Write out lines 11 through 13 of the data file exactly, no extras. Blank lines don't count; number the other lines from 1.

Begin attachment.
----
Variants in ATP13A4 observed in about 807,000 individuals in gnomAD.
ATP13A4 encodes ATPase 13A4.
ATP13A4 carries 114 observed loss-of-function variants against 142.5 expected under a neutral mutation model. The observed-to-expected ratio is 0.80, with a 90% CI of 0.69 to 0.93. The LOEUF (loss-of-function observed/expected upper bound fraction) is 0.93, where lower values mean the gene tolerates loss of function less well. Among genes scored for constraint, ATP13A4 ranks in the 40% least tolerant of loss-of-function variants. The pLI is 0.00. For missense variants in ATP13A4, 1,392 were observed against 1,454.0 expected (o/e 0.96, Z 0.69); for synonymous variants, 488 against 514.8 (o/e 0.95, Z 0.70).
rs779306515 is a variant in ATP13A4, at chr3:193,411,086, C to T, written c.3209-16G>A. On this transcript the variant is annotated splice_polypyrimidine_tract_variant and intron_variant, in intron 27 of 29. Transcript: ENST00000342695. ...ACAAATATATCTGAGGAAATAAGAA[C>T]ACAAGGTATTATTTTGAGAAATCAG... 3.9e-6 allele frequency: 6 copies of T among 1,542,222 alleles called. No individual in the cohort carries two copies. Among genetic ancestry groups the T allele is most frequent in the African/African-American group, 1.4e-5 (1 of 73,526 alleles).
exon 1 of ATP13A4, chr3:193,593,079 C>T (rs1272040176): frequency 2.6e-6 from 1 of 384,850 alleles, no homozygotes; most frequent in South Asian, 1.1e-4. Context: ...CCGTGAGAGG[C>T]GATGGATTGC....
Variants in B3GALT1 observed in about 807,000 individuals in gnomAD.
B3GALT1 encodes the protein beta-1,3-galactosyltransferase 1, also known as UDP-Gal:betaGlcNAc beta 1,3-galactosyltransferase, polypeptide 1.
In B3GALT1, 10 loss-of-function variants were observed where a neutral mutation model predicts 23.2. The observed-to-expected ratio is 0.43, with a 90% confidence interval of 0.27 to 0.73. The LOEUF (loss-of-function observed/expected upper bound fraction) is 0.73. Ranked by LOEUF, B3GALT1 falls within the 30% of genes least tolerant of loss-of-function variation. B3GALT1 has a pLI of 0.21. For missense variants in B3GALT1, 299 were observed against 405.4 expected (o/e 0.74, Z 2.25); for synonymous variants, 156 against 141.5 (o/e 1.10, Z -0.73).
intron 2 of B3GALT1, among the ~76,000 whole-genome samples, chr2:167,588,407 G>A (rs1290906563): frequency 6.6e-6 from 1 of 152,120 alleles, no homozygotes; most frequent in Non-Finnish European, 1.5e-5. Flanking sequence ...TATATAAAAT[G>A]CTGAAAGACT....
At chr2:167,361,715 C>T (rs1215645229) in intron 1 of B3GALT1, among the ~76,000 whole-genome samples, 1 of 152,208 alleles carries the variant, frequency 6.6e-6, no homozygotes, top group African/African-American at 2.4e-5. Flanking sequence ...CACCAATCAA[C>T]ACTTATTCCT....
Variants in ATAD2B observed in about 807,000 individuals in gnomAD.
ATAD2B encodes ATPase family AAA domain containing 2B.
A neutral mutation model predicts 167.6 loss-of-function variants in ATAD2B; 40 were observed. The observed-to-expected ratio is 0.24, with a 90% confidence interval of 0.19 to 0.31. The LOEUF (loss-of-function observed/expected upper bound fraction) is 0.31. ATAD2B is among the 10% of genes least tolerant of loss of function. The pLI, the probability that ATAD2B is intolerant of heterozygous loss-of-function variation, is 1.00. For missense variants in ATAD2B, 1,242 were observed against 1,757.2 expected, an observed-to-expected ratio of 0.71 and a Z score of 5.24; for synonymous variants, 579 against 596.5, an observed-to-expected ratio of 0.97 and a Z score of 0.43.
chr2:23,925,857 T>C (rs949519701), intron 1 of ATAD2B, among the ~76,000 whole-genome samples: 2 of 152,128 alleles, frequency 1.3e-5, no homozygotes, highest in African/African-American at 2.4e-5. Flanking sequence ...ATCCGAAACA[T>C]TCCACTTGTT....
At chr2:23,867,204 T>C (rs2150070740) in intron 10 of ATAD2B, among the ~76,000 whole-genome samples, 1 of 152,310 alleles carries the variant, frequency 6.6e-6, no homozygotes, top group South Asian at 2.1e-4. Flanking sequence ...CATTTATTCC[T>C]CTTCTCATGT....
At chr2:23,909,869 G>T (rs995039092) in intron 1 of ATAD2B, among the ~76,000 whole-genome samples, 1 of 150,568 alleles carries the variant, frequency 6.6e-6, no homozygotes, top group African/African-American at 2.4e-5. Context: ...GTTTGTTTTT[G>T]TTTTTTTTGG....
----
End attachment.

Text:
Variants in ATAD2B observed in about 807,000 individuals in gnomAD.
ATAD2B encodes ATPase family AAA domain containing 2B.
A neutral mutation model predicts 167.6 loss-of-function variants in ATAD2B; 40 were observed. The observed-to-expected ratio is 0.24, with a 90% confidence interval of 0.19 to 0.31. The LOEUF (loss-of-function observed/expected upper bound fraction) is 0.31. ATAD2B is among the 10% of genes least tolerant of loss of function. The pLI, the probability that ATAD2B is intolerant of heterozygous loss-of-function variation, is 1.00. For missense variants in ATAD2B, 1,242 were observed against 1,757.2 expected, an observed-to-expected ratio of 0.71 and a Z score of 5.24; for synonymous variants, 579 against 596.5, an observed-to-expected ratio of 0.97 and a Z score of 0.43.